Replacement of current prioritisation scoring

We have significant concerns about the proposed replacement of the current prioritisation (or relevance) scoring process with assessment of fit to and impact on an Investment Signal. In our view it opens up the possibility of distortions when, for example, the fit of a proposal is being assessed against health priorities that are politically determined about health services and health delivery planning, and which may have little relevance to appropriate topics for health research.

An example of this is in the chronic disease HIT where excellent proposals on rare chronic diseases might be marked down because they are not common conditions in the Ministry's priority list. The Ministry's list is health economic driven, and this different perspective should not automatically transfer into a process that should be science driven.

Criteria for outline proposals

We suggest criteria at the outline proposal level should be quality of the proposal, workforce retention and development, along with unique research opportunities for New Zealand.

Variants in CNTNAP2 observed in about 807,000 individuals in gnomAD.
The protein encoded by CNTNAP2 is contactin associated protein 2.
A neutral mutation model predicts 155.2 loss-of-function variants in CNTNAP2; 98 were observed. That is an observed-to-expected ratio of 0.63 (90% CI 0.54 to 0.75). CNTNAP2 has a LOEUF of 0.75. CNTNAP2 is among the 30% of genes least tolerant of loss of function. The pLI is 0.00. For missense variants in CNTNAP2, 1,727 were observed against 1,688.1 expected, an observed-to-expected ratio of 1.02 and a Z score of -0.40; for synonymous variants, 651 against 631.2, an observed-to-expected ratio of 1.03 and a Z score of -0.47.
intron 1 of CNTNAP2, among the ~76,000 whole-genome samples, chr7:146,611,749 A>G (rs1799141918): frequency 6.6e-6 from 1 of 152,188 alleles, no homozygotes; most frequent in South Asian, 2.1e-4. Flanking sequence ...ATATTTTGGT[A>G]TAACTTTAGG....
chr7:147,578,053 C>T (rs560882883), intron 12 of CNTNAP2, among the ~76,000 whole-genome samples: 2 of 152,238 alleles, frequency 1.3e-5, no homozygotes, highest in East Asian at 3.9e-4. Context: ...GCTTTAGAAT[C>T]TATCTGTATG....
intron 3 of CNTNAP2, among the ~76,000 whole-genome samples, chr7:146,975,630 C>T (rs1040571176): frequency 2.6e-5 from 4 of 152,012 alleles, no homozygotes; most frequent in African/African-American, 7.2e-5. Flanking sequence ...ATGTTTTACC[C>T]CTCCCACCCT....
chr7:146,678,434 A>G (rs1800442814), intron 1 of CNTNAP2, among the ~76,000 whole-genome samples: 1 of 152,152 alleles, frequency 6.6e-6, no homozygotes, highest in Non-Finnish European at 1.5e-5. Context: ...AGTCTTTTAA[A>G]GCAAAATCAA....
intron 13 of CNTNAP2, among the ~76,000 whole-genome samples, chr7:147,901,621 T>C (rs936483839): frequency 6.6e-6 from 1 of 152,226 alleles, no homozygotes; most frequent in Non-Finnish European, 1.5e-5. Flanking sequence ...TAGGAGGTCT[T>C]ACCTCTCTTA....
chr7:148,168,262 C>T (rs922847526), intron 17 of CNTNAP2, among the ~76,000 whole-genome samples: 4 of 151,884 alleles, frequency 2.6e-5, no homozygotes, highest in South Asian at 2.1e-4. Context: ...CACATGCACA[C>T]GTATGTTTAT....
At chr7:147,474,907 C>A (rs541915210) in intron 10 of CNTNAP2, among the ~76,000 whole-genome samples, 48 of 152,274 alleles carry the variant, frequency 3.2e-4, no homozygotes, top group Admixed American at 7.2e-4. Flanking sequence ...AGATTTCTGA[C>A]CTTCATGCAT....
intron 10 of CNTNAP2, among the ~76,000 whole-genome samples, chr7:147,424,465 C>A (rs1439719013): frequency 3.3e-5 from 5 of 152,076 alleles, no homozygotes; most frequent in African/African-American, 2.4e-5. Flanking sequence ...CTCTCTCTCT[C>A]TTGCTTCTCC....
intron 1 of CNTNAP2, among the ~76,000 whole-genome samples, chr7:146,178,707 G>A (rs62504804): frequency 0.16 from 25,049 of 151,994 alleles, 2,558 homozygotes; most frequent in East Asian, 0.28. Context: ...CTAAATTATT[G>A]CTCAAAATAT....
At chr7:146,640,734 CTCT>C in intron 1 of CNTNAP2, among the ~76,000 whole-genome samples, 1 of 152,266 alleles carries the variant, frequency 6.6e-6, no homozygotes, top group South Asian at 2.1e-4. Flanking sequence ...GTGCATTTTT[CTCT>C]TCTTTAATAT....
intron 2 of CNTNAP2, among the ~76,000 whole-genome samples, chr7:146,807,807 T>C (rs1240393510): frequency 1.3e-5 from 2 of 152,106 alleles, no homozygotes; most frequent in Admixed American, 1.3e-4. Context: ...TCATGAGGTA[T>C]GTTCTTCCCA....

Potential continued influence of portfolios

Despite the proposed assessment process for full applications apparently doing away with the portfolios system, we note with concern that they may still have an influential role.

The HRC has stated in its new investment model that while the previous portfolios would no longer be in use, they will “… [continue] to use the taxonomy process to classify funded proposals according to the current research portfolio descriptions.” (Consultation document, pgs 6, 9). The portfolios would be used as a “monitoring and evaluation tool” (Consultation document, pg. 6). We are wary that using the previous portfolios as reference documents would quash any real changes.